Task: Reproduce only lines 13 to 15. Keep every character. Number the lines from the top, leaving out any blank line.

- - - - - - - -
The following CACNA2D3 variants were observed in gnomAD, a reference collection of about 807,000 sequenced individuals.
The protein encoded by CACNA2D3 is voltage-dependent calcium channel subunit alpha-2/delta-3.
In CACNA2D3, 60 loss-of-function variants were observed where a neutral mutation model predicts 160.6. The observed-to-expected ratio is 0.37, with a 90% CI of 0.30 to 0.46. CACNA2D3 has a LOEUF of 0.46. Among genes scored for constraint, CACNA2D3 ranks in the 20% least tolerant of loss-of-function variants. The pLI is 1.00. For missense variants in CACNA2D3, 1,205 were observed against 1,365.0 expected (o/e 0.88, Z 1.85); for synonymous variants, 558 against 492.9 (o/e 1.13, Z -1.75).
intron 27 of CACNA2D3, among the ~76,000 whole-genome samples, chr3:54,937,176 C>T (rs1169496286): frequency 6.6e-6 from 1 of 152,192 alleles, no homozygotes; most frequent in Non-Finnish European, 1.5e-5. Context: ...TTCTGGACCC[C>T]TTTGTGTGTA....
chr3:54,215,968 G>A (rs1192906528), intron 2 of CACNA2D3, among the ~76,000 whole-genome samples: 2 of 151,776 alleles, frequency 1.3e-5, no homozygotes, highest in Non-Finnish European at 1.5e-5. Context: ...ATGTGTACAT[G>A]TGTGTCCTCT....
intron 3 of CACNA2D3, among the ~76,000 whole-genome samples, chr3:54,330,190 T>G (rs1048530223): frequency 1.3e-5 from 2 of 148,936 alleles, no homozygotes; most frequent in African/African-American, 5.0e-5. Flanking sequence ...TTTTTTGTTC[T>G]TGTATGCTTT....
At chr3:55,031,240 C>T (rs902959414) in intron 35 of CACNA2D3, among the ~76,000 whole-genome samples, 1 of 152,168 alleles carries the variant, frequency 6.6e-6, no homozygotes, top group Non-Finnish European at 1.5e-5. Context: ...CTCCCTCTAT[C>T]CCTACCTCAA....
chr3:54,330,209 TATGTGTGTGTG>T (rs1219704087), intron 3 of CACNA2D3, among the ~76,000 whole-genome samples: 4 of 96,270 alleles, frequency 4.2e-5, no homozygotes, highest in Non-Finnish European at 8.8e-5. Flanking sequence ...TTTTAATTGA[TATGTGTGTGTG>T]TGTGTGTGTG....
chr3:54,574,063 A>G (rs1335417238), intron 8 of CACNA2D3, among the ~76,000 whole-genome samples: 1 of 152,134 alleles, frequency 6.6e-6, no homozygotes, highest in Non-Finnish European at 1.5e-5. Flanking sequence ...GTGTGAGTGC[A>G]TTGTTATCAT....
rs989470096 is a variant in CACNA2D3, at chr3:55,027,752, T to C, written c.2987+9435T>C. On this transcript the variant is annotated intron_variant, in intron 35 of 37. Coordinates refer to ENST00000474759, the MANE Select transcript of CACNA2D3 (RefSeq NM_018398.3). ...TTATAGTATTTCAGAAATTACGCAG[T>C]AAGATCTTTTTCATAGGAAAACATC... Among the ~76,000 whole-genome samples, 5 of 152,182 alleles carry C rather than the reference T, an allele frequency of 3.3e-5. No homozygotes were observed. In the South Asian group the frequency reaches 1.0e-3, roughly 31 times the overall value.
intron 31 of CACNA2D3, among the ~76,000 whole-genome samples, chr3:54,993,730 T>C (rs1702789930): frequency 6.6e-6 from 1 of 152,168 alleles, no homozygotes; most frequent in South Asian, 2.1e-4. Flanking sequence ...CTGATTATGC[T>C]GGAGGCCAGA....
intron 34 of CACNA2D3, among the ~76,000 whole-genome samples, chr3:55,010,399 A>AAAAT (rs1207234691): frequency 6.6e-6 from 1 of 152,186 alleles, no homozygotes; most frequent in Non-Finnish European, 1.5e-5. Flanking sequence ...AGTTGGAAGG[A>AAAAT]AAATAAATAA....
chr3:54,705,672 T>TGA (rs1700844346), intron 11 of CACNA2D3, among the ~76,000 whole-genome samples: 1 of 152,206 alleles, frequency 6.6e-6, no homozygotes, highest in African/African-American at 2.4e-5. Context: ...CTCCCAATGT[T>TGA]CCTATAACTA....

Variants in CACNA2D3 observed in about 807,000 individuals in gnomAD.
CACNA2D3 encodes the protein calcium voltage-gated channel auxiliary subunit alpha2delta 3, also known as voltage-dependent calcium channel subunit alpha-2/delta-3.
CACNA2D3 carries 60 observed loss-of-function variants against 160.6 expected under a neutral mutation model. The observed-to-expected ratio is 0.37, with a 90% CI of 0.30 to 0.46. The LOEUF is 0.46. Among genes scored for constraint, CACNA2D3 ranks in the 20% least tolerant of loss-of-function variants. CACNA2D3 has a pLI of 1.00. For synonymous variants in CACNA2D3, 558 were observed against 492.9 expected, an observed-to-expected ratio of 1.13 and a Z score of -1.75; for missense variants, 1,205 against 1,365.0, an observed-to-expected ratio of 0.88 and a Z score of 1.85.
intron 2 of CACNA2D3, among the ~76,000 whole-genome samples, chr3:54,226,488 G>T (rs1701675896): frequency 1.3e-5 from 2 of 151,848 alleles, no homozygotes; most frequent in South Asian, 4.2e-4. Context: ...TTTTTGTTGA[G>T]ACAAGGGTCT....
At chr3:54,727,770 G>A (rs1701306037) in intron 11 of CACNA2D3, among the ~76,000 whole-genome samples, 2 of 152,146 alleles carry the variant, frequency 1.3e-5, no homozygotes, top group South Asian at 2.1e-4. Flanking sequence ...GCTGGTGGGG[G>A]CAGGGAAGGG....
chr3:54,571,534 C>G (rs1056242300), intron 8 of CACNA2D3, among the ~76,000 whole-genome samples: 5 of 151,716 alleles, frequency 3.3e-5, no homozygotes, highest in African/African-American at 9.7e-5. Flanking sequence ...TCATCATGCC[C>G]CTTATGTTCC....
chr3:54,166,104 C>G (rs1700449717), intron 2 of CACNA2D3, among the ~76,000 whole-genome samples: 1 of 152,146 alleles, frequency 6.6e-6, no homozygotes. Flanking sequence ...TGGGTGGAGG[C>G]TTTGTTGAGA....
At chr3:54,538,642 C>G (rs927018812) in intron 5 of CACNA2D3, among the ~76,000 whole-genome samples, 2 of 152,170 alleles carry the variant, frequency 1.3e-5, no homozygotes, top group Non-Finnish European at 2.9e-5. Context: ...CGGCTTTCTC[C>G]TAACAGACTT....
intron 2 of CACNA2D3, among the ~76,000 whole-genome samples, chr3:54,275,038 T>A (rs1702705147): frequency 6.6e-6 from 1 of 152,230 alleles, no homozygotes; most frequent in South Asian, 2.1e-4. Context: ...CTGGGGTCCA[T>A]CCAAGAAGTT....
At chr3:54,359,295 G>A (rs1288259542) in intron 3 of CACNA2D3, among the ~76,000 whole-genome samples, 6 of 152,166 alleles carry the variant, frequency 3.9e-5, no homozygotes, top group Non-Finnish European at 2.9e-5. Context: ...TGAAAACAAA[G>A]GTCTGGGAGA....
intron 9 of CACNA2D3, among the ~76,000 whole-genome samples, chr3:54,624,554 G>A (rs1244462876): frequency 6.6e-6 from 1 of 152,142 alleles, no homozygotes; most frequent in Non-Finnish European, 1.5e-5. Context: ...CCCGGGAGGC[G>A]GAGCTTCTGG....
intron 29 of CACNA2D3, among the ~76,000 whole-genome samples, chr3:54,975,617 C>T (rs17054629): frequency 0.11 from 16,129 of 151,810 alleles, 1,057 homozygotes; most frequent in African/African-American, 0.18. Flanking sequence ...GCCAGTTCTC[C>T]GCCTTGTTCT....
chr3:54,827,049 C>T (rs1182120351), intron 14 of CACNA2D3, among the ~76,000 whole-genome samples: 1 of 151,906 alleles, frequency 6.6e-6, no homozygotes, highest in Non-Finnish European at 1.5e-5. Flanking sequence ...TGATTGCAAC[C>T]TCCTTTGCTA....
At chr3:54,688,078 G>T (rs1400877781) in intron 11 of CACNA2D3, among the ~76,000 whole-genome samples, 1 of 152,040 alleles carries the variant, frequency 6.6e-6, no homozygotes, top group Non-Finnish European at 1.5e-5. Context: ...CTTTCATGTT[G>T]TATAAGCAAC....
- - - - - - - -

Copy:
chr3:54,705,672 T>TGA (rs1700844346), intron 11 of CACNA2D3, among the ~76,000 whole-genome samples: 1 of 152,206 alleles, frequency 6.6e-6, no homozygotes, highest in African/African-American at 2.4e-5. Context: ...CTCCCAATGT[T>TGA]CCTATAACTA....

Variants in CACNA2D3 observed in about 807,000 individuals in gnomAD.
CACNA2D3 encodes the protein calcium voltage-gated channel auxiliary subunit alpha2delta 3, also known as voltage-dependent calcium channel subunit alpha-2/delta-3.